Thanet council confirms criminal investigation – and answers questions- over mountain of waste at Margate sands

How we want to see our beaches Photo John Horton

Thanet council says a criminal investigation is now taking place over the litter strewn across Margate main sands at the weekend.

The authority, which previously confirmed CCTV was being reviewed with the aim of taking enforcement action, says it is in contact with all parties, including the different coach companies who came to Margate that day.

In a post the social media the council has responded to many comments left by concerned residents on its facebook page.

The massive amount of litter left behind Photo Frank Leppard

The post answers six points:

Can bins be placed on the beach?

Historically bins were placed on the beaches but there has been a shift to collections from the promenade or at street level. This allows us to provide much larger bins as previously people had complained that the beachside ones had a limited capacity and were a magnet for seagulls. Furthermore, the new arrangement has helped reduce litter being left next to the beachside bins which then ended up spread across the sand or in the sea.

Why are people not fined for leaving mess on the beach?

A horrible mess at Margate Main Sands on the Thursday night Photo Frank Leppard

Legally we have to observe someone ‘in the act’ of dropping and then leaving litter on the beach. When this does happen, we issue a £100 penalty. It is particularly hard to enforce when there are large groups.

What action do you take to keep beaches clean?

Clean up staff Photo John Horton
  • We have Bay Inspectors at our main beaches who regularly use their tannoy to remind the public of their responsibilities.
  • Re. the litter from Saturday – this is now a criminal investigation. We are reviewing CCTV footage to identify those responsible and are in contact with all parties, including the different coach companies who came to Margate that day.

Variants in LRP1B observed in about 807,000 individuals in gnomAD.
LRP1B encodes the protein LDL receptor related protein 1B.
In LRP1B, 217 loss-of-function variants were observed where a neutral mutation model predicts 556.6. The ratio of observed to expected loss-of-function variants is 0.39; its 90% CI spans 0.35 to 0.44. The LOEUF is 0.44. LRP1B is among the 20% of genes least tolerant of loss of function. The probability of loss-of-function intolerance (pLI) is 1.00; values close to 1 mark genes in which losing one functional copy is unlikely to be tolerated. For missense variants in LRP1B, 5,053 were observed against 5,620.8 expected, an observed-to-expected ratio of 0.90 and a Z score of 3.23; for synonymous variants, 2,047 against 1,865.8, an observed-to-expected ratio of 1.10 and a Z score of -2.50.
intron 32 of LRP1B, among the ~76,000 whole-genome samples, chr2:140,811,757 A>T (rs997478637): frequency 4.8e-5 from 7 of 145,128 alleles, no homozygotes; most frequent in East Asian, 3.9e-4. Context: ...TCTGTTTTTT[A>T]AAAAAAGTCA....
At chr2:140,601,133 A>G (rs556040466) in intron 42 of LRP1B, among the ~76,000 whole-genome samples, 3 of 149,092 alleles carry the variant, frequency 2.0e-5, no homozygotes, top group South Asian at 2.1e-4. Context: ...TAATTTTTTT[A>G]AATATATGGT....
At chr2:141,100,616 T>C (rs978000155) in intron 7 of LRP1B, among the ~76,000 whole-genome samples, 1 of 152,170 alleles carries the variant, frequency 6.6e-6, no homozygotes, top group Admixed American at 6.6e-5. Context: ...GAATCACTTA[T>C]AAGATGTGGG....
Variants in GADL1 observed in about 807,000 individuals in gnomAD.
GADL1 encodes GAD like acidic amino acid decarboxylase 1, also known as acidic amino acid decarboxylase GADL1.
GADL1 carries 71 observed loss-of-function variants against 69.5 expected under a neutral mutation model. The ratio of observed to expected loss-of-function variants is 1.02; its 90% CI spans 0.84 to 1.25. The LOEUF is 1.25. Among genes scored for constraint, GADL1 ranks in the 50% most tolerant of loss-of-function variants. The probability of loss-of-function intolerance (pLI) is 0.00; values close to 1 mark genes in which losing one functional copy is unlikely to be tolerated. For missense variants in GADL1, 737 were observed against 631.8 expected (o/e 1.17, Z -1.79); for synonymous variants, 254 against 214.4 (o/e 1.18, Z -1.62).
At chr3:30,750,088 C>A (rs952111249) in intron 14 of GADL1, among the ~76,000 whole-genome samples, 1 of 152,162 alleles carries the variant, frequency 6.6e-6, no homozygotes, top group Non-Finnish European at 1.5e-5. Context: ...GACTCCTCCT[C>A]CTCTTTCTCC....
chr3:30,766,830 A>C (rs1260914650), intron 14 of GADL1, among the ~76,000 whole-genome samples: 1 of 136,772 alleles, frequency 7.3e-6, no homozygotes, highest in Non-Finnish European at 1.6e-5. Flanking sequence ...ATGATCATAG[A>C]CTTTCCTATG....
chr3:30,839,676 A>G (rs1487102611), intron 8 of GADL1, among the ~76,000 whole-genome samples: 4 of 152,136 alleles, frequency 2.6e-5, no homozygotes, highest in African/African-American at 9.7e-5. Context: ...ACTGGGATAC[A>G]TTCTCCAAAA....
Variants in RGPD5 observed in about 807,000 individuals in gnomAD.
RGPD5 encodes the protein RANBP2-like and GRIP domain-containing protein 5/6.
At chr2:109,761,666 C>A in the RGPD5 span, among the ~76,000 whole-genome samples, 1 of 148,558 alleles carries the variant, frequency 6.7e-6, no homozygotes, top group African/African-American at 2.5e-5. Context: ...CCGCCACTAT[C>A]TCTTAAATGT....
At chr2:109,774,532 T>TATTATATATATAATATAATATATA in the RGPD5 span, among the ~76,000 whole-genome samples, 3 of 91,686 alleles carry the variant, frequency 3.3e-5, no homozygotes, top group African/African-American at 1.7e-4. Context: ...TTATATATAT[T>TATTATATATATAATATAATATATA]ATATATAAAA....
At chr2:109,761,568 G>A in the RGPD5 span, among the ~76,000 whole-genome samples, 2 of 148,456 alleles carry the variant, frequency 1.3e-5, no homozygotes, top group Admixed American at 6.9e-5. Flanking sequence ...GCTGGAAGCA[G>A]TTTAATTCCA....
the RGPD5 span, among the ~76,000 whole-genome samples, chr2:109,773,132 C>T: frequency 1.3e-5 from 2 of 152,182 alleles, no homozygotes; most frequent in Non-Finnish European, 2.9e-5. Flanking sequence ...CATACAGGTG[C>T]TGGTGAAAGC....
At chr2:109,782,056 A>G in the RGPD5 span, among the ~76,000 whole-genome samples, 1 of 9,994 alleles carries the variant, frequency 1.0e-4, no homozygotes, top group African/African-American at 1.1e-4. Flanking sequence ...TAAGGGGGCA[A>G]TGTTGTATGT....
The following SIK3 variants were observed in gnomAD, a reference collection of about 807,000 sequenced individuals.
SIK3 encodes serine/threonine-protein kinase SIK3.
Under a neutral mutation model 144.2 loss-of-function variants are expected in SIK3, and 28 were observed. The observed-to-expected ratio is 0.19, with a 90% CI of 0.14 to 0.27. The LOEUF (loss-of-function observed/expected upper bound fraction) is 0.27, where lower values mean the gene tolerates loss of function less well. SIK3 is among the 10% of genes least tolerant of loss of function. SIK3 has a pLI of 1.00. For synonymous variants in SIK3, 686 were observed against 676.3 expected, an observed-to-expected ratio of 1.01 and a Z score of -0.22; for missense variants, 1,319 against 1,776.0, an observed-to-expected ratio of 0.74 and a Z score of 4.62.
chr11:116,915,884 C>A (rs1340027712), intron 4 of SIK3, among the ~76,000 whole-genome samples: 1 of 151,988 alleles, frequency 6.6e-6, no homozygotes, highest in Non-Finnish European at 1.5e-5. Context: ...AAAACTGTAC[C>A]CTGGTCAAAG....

• When we are notified of a large group (50 people or more) coming to the beach, there is a formal events process that has to be followed to ensure there is adequate provision of facilities (including paying for extra bins) and impact on the surrounding areas is considered. However, not all large groups tell us they will be coming.
  • We work with local schools to raise awareness about the importance of looking after our local environment. We have a dedicated recycling booklet that schools and groups can request.
  • We also have a team from the council, alongside the Environment Agency and Southern Water, at the Water Gala today (Wednesday 31 August) educating people about the importance of keeping our beaches clean.

The responses follow an outcry over the rubbish left on the sands on Saturday (Juy 27) following a visit from several coach trip groups, including a 500 person event, at the Nayland Rock end of the sands.

The mess left behind was shocking and images taken by isle photographer Frank Leppard went viral with a facebook reach of more than one million.

The mountains of rubbish, including bottles, disposable plates and cups,discarded wrappings,buckets and even broken tents, comes just two days after council workers had to clear a similar scene of litter. There was also evidence of black bin bags.

Photo Jackie Chapman

During the clean up council workers removed six gazebos from Margate Main Sands, filled one seven-and-a-half tonne vehicle full of litter and the beach cleaners collected about 75 bags of rubbish. All the bins along the promenade filled a seven-and-a-half tonne waste vehicle twice over and a four-and-a-half tonne mechanical sweeper used along the seafront first thing was also filled up. The tractor used to rake the sand collected a further tonne of rubbish.

It followed a similar tide of rubbish left only two days before.